Entire Supreme Court recused from case involving chief justice
Posted on behalf of Stewart Bell, PLLC on May 13, 2011 in Wrongful Death
In a rare move, the entire West Virginia Supreme Court of Appeals recused itself from a case. Circuit court judges from across the state replaced the five justices during arguments of a case that directly involved the chief justice. The circuit judges will decide the case as well.
The issue before the court involves attorney fees associated with a deliberate intent (worker's compensation) claim. The chief justice represented the plaintiff in that suit and the companion negligence action.
The case goes back 11 years, to a flood in 2000. The plaintiff was the estate of a woman who had drowned while helping to move merchandise from the store where she worked during the flood. The water rose more quickly than expected, and the woman drowned as firefighters attempted to rescue her and her colleagues.
As plaintiff's attorney, the chief justice entered an arrangement with an attorney from another firm to help with the complicated matter.
The other attorney took care of the worker's compensation claim. The chief justice objected to the settlement her colleague had negotiated, saying it was too low. A Kanawha County court ultimately decided the settlement was fair.
The court also awarded fees to each of the attorneys. The other attorney disagreed with the court's decision and filed the appeal now before the Supreme Court of Appeals.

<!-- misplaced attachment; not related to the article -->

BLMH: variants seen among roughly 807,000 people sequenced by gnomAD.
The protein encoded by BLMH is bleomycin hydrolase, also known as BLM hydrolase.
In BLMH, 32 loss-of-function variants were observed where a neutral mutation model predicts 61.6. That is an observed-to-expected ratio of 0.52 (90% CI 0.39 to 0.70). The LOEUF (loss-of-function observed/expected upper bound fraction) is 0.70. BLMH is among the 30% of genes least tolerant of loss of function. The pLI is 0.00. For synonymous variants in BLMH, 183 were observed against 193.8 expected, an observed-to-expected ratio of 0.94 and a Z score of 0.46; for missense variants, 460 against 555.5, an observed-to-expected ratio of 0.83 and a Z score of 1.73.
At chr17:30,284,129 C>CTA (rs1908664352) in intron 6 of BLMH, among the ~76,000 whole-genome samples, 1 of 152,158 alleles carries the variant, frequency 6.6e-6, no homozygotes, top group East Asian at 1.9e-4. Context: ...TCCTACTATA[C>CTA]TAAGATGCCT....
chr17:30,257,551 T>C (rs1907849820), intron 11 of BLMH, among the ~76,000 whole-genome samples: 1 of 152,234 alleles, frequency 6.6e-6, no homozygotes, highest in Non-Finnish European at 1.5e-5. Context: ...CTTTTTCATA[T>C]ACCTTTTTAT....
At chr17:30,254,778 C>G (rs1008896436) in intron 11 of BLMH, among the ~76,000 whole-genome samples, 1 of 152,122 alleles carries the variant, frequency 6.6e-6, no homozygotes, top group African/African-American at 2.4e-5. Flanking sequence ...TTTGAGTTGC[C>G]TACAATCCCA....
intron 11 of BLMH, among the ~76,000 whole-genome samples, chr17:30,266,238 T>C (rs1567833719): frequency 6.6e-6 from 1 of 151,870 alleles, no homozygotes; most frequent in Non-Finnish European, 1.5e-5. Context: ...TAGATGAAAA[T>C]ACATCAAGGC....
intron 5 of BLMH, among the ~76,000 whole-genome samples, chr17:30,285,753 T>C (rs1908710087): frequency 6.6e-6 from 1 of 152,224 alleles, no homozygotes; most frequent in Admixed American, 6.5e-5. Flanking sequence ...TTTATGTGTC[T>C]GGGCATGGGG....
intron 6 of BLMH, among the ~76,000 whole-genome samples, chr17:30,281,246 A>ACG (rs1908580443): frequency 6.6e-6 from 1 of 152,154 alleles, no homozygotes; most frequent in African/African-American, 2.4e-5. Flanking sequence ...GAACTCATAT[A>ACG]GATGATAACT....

The chief justice disqualified herself in late March of 2010, just a month after the appeal was filed. By the end of that week, the remaining four judges had recused themselves as well.
The full-panel recusal is unusual but not unheard of, according to the court's public information officer. Although no one has kept track of it, she recalls a story from a circuit judge's biography:
In February 1985, the judge was appointed by the chief justice to serve on a panel with four other circuit judges. All of the justices had disqualified themselves, and circuit judges were appointed to hear the case.
The circuit judge was the Honorable Booker Stephens, of the state's 8th Judicial Circuit. He was the first black judge in the history of West Virginia to sit on the Supreme Court of Appeals.